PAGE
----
Murder victims’ families advocate to end early prison release in Maryland

The families of murder victims are urging Maryland lawmakers to rethink early releases for people that commit violent crimes.

Several testified Tuesday before the state Senate’s Judicial Proceedings Committee on a new bill that would close off credits earned for good behavior for convicted murderers.

“Too often, our headlines are filled with stories of violent crime victims whose lives ended tragically at the hands of someone with a history of violent crime, who was released back into the community after serving just a few years in prison,” said Sen. William Folden of Frederick County, who sponsors the Safe Communities Act of 2024.

Under the bill, people convicted of first- and second-degree murder would be ineligible to receive the diminution credits — points awarded to prisoners for good behavior that can get them an early release. People convicted of other violent crimes would have credits capped at 10% of their sentence.

Gale Seaton testified about how the man responsible for the killing of her pregnant daughter was out of prison after just 10 years.

“He worked two half-jobs a day and got double dim credit, took repeated courses of counseling — got credits every single time,” Seaton said.

Linda Duncan has been advocating for cutting diminution points for murders for years. Her mother was killed in 1990. Her killer was convicted over 15 years later and was released from prison after 10 years on a 40-year sentence.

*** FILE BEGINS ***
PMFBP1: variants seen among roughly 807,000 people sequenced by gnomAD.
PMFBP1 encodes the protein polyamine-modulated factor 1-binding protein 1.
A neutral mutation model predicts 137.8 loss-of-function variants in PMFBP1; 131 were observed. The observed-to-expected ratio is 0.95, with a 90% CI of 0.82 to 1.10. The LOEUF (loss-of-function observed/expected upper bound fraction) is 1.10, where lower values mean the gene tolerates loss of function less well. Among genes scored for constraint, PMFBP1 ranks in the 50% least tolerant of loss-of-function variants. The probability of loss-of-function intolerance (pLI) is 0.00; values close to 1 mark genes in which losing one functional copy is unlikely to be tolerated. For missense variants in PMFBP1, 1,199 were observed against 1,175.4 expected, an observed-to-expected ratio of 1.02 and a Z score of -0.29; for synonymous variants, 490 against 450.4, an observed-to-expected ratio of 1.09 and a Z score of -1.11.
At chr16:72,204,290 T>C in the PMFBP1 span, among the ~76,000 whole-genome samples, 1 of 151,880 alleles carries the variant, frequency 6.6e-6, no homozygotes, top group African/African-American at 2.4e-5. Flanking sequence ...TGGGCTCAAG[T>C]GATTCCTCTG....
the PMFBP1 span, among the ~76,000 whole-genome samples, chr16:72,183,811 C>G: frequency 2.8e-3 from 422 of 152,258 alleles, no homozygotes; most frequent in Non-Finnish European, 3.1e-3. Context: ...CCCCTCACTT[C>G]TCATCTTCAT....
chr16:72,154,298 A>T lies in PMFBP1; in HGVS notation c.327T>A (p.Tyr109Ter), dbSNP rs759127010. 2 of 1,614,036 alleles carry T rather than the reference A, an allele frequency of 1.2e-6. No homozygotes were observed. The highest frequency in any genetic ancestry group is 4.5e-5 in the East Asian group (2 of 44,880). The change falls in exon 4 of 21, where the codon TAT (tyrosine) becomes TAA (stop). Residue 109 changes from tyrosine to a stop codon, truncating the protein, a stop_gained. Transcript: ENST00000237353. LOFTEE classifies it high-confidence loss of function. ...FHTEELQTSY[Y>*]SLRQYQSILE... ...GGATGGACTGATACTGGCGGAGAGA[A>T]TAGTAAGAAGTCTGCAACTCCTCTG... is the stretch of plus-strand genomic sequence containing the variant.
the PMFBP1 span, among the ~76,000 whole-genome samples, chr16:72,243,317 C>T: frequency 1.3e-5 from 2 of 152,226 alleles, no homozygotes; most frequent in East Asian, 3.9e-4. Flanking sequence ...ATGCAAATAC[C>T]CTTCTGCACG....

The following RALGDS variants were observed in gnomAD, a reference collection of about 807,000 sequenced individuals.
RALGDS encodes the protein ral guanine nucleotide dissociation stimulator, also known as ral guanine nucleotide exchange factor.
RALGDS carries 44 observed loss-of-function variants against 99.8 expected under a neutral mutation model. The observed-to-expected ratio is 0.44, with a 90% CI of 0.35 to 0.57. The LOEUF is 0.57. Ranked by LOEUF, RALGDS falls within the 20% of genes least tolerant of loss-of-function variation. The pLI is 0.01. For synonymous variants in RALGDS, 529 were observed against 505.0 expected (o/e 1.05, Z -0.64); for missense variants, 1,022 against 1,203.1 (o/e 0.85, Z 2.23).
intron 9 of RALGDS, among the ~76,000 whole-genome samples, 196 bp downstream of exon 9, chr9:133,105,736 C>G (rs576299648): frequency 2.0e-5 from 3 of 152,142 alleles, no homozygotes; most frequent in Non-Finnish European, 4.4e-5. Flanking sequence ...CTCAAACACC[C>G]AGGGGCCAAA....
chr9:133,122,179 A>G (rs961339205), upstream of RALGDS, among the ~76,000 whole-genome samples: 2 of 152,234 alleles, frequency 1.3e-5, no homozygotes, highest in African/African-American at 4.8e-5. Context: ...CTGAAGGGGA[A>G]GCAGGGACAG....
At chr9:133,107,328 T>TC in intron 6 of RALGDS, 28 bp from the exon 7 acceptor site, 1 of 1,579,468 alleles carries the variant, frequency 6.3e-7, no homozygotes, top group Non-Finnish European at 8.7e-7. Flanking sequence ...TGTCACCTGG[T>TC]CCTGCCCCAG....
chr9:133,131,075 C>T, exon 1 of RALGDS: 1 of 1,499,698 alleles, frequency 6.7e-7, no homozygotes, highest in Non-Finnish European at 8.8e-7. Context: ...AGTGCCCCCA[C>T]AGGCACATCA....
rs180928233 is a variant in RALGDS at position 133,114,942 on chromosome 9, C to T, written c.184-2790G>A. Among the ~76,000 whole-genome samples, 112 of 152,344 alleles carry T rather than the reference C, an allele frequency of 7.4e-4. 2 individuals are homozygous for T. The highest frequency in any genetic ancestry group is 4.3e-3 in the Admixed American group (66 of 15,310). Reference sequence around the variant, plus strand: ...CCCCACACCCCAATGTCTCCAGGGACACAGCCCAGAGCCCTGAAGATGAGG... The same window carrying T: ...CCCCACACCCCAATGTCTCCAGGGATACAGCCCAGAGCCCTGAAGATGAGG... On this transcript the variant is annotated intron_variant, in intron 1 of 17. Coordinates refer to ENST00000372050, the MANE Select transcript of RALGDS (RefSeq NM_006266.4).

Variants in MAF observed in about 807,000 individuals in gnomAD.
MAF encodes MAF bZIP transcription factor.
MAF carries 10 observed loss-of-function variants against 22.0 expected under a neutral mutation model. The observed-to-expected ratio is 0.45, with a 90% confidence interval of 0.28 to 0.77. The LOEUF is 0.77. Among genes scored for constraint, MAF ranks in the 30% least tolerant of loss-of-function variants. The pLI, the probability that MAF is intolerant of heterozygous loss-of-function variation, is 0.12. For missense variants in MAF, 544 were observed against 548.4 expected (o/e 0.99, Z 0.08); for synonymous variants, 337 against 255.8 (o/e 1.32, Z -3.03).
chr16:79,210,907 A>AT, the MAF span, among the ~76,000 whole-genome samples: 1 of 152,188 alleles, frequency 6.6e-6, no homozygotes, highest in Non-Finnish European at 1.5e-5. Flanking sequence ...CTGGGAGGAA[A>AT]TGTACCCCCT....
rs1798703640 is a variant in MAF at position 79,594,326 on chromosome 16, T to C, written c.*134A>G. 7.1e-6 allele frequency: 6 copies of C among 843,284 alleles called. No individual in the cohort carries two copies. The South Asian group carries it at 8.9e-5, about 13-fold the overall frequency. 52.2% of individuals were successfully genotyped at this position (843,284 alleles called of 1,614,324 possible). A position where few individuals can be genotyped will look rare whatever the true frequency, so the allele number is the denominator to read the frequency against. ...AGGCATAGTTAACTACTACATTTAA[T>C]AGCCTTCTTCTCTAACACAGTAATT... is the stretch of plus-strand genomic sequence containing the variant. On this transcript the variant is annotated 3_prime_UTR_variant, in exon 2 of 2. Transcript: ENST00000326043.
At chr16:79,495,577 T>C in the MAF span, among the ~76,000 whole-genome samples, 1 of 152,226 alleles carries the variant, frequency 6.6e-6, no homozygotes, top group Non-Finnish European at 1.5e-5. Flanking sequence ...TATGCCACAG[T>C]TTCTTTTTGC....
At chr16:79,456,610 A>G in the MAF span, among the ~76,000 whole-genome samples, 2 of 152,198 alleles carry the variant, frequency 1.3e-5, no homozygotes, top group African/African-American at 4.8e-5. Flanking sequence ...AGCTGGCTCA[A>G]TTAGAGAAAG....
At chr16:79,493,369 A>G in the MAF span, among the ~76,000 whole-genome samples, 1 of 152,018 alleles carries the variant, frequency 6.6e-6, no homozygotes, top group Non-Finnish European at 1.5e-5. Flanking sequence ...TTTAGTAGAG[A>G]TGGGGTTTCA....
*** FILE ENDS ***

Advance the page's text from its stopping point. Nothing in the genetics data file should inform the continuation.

“They’re not even serving 50% of the time,” she told the committee. “We are sending the wrong message, you don’t pay for someone to behave.”

Some advocates at Tuesday’s Senate hearing pushed back, saying it is a too broad a brush.

“I have seen those, even with first- and second-degree murder raps, who have received the diminution credit and have, I have seen them give back to the community,” Cashenna Cross said. “For those who have given their service and lifeblood to recoup and recover, let’s give them an opportunity.”

The Racial Equity Impact Note attached to the bill said it “could potentially work to discourage positive behaviors among inmates currently incarcerated for murder.”

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Luke Lukert

Since joining WTOP Luke Lukert has held just about every job in the newsroom from producer to web writer and now he works as a full-time reporter. He is an avid fan of UGA football. Go Dawgs!

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